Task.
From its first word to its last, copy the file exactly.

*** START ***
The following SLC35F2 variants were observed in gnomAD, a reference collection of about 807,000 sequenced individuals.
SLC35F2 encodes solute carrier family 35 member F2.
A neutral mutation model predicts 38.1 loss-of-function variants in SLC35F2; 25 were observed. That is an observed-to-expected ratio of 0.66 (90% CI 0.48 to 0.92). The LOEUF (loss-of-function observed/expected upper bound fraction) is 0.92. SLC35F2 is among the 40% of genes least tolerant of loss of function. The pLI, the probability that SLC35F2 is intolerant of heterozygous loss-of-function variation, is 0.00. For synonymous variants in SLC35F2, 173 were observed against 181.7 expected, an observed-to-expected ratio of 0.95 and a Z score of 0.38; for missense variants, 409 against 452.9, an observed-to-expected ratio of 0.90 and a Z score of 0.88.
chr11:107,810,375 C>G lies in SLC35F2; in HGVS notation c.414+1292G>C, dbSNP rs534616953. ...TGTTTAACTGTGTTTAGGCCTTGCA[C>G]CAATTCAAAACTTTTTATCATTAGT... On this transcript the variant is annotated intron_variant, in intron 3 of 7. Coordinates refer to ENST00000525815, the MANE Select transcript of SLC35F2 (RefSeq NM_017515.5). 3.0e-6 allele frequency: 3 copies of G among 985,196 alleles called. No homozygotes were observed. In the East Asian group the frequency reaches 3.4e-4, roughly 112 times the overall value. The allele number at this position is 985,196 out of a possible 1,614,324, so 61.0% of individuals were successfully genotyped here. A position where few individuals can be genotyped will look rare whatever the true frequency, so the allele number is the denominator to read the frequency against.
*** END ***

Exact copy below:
The following SLC35F2 variants were observed in gnomAD, a reference collection of about 807,000 sequenced individuals.
SLC35F2 encodes solute carrier family 35 member F2.
A neutral mutation model predicts 38.1 loss-of-function variants in SLC35F2; 25 were observed. That is an observed-to-expected ratio of 0.66 (90% CI 0.48 to 0.92). The LOEUF (loss-of-function observed/expected upper bound fraction) is 0.92. SLC35F2 is among the 40% of genes least tolerant of loss of function. The pLI, the probability that SLC35F2 is intolerant of heterozygous loss-of-function variation, is 0.00. For synonymous variants in SLC35F2, 173 were observed against 181.7 expected, an observed-to-expected ratio of 0.95 and a Z score of 0.38; for missense variants, 409 against 452.9, an observed-to-expected ratio of 0.90 and a Z score of 0.88.
chr11:107,810,375 C>G lies in SLC35F2; in HGVS notation c.414+1292G>C, dbSNP rs534616953. ...TGTTTAACTGTGTTTAGGCCTTGCA[C>G]CAATTCAAAACTTTTTATCATTAGT... On this transcript the variant is annotated intron_variant, in intron 3 of 7. Coordinates refer to ENST00000525815, the MANE Select transcript of SLC35F2 (RefSeq NM_017515.5). 3.0e-6 allele frequency: 3 copies of G among 985,196 alleles called. No homozygotes were observed. In the East Asian group the frequency reaches 3.4e-4, roughly 112 times the overall value. The allele number at this position is 985,196 out of a possible 1,614,324, so 61.0% of individuals were successfully genotyped here. A position where few individuals can be genotyped will look rare whatever the true frequency, so the allele number is the denominator to read the frequency against.